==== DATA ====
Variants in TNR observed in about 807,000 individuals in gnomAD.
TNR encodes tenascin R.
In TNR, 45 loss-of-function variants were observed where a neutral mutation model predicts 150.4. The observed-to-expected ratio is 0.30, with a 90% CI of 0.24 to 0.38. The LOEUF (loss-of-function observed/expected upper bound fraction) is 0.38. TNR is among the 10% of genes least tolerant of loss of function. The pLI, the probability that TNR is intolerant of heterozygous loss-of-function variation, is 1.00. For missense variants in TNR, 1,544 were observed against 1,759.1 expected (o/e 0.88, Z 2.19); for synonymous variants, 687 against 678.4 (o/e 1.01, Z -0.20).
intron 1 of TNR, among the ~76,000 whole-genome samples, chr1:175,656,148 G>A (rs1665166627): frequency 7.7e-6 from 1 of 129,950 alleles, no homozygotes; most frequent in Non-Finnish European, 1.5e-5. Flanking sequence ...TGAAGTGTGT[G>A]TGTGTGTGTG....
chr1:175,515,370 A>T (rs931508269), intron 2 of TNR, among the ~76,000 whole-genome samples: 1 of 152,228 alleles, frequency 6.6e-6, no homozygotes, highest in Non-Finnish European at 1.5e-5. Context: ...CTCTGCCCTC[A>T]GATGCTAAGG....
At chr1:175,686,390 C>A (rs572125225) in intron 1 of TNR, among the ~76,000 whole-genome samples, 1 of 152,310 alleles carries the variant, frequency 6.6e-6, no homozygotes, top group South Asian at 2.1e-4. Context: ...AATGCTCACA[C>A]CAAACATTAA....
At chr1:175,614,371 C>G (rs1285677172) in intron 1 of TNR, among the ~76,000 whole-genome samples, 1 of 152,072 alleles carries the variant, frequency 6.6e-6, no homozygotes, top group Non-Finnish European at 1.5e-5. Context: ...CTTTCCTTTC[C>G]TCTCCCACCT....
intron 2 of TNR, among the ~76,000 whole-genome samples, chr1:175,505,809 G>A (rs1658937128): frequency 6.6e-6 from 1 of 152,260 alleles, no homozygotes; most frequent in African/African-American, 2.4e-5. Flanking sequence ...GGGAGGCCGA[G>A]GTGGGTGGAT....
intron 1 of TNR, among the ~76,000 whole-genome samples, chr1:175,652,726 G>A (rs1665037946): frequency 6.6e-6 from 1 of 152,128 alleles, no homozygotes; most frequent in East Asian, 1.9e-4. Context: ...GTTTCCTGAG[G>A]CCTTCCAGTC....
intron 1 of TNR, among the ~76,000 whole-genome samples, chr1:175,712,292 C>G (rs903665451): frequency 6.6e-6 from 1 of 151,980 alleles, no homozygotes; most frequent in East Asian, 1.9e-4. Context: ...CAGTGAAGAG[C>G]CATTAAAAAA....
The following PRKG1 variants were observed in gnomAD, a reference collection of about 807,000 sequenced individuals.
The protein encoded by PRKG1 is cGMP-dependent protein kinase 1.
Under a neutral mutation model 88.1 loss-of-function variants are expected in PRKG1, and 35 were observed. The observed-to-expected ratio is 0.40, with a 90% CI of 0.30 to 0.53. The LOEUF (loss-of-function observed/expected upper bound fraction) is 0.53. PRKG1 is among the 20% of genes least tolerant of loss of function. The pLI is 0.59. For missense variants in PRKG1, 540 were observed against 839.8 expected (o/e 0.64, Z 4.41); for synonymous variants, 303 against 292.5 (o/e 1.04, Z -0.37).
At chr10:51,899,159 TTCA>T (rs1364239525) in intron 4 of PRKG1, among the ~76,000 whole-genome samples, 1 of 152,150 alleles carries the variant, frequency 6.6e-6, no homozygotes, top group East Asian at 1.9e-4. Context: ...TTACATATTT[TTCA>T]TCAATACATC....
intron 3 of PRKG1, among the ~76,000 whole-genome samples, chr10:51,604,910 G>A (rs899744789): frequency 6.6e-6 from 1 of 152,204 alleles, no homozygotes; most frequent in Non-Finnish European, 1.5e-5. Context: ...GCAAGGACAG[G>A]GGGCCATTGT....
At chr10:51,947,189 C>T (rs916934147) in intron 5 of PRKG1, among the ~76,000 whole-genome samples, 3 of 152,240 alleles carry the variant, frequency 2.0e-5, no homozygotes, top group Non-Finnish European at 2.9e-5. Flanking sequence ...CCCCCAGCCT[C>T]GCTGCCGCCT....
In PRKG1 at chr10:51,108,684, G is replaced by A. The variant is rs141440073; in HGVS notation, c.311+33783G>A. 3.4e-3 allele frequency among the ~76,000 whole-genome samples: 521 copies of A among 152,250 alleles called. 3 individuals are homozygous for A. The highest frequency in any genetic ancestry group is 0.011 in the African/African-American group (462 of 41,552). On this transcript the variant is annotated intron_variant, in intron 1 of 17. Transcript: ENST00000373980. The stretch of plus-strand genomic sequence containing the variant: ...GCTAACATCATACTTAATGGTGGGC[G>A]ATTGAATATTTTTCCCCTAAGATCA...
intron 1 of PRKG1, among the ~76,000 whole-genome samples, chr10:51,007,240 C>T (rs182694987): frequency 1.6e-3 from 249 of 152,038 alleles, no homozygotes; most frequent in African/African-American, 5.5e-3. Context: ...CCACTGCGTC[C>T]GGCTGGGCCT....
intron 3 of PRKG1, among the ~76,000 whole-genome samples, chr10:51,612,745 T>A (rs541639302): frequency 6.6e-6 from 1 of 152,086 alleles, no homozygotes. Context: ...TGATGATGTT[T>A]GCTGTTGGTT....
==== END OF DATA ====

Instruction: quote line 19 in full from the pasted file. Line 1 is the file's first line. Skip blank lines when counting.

intron 3 of PRKG1, among the ~76,000 whole-genome samples, chr10:51,612,745 T>A (rs541639302): frequency 6.6e-6 from 1 of 152,086 alleles, no homozygotes. Context: ...TGATGATGTT[T>A]GCTGTTGGTT....